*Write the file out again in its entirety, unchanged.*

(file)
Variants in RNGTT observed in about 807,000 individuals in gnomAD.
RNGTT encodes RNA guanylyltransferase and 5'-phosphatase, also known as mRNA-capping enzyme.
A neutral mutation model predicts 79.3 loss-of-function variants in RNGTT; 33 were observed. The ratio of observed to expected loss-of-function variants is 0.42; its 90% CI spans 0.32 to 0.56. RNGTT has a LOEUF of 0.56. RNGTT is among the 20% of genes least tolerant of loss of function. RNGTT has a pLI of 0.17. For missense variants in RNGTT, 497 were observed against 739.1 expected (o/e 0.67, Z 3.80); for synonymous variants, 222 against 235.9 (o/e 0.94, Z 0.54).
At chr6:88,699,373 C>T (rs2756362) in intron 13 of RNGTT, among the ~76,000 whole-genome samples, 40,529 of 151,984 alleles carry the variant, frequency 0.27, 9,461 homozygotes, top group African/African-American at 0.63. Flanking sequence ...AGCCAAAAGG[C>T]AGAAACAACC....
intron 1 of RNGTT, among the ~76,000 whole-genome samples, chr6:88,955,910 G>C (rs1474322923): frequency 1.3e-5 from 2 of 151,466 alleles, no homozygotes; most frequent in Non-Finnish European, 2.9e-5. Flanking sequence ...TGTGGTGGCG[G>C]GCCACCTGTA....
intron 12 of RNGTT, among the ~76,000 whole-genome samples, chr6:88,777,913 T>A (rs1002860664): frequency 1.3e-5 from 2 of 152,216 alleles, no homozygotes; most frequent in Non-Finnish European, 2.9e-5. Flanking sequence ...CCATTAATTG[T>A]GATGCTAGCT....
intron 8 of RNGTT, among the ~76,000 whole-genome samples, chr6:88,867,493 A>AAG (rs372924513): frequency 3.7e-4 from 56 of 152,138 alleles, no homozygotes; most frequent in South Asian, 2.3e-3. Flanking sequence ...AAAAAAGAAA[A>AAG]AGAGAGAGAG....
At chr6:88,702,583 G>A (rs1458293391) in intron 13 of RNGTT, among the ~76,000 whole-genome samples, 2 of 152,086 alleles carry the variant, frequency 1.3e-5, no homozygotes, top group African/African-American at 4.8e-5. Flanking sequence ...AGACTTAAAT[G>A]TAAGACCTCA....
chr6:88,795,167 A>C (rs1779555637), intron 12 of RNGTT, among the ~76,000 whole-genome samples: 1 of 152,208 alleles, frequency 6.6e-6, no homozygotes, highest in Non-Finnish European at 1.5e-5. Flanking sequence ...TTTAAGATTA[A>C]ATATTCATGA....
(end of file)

Variants in RNGTT observed in about 807,000 individuals in gnomAD.
RNGTT encodes RNA guanylyltransferase and 5'-phosphatase, also known as mRNA-capping enzyme.
A neutral mutation model predicts 79.3 loss-of-function variants in RNGTT; 33 were observed. The ratio of observed to expected loss-of-function variants is 0.42; its 90% CI spans 0.32 to 0.56. RNGTT has a LOEUF of 0.56. RNGTT is among the 20% of genes least tolerant of loss of function. RNGTT has a pLI of 0.17. For missense variants in RNGTT, 497 were observed against 739.1 expected (o/e 0.67, Z 3.80); for synonymous variants, 222 against 235.9 (o/e 0.94, Z 0.54).
At chr6:88,699,373 C>T (rs2756362) in intron 13 of RNGTT, among the ~76,000 whole-genome samples, 40,529 of 151,984 alleles carry the variant, frequency 0.27, 9,461 homozygotes, top group African/African-American at 0.63. Flanking sequence ...AGCCAAAAGG[C>T]AGAAACAACC....
intron 1 of RNGTT, among the ~76,000 whole-genome samples, chr6:88,955,910 G>C (rs1474322923): frequency 1.3e-5 from 2 of 151,466 alleles, no homozygotes; most frequent in Non-Finnish European, 2.9e-5. Flanking sequence ...TGTGGTGGCG[G>C]GCCACCTGTA....
intron 12 of RNGTT, among the ~76,000 whole-genome samples, chr6:88,777,913 T>A (rs1002860664): frequency 1.3e-5 from 2 of 152,216 alleles, no homozygotes; most frequent in Non-Finnish European, 2.9e-5. Flanking sequence ...CCATTAATTG[T>A]GATGCTAGCT....
intron 8 of RNGTT, among the ~76,000 whole-genome samples, chr6:88,867,493 A>AAG (rs372924513): frequency 3.7e-4 from 56 of 152,138 alleles, no homozygotes; most frequent in South Asian, 2.3e-3. Flanking sequence ...AAAAAAGAAA[A>AAG]AGAGAGAGAG....
At chr6:88,702,583 G>A (rs1458293391) in intron 13 of RNGTT, among the ~76,000 whole-genome samples, 2 of 152,086 alleles carry the variant, frequency 1.3e-5, no homozygotes, top group African/African-American at 4.8e-5. Flanking sequence ...AGACTTAAAT[G>A]TAAGACCTCA....
chr6:88,795,167 A>C (rs1779555637), intron 12 of RNGTT, among the ~76,000 whole-genome samples: 1 of 152,208 alleles, frequency 6.6e-6, no homozygotes, highest in Non-Finnish European at 1.5e-5. Flanking sequence ...TTTAAGATTA[A>C]ATATTCATGA....